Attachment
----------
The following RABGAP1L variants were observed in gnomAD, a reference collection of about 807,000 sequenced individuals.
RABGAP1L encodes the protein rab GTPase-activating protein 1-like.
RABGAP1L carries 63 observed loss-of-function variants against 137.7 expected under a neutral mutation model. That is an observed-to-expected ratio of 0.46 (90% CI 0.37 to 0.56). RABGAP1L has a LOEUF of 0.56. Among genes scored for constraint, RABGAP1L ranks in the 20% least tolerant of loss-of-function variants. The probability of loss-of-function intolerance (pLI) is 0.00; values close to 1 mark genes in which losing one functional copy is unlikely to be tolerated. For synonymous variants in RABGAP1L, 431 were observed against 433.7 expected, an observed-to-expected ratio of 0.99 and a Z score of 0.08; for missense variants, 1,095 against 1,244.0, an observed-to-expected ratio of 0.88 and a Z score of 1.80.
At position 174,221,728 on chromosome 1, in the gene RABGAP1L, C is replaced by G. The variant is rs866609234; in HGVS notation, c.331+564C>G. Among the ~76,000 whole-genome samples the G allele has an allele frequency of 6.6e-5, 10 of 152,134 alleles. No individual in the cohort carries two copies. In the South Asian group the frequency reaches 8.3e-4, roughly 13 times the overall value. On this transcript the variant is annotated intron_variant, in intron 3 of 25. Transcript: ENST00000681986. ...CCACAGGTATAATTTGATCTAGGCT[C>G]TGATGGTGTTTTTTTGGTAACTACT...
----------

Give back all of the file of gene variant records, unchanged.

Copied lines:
The following RABGAP1L variants were observed in gnomAD, a reference collection of about 807,000 sequenced individuals.
RABGAP1L encodes the protein rab GTPase-activating protein 1-like.
RABGAP1L carries 63 observed loss-of-function variants against 137.7 expected under a neutral mutation model. That is an observed-to-expected ratio of 0.46 (90% CI 0.37 to 0.56). RABGAP1L has a LOEUF of 0.56. Among genes scored for constraint, RABGAP1L ranks in the 20% least tolerant of loss-of-function variants. The probability of loss-of-function intolerance (pLI) is 0.00; values close to 1 mark genes in which losing one functional copy is unlikely to be tolerated. For synonymous variants in RABGAP1L, 431 were observed against 433.7 expected, an observed-to-expected ratio of 0.99 and a Z score of 0.08; for missense variants, 1,095 against 1,244.0, an observed-to-expected ratio of 0.88 and a Z score of 1.80.
At position 174,221,728 on chromosome 1, in the gene RABGAP1L, C is replaced by G. The variant is rs866609234; in HGVS notation, c.331+564C>G. Among the ~76,000 whole-genome samples the G allele has an allele frequency of 6.6e-5, 10 of 152,134 alleles. No individual in the cohort carries two copies. In the South Asian group the frequency reaches 8.3e-4, roughly 13 times the overall value. On this transcript the variant is annotated intron_variant, in intron 3 of 25. Transcript: ENST00000681986. ...CCACAGGTATAATTTGATCTAGGCT[C>G]TGATGGTGTTTTTTTGGTAACTACT...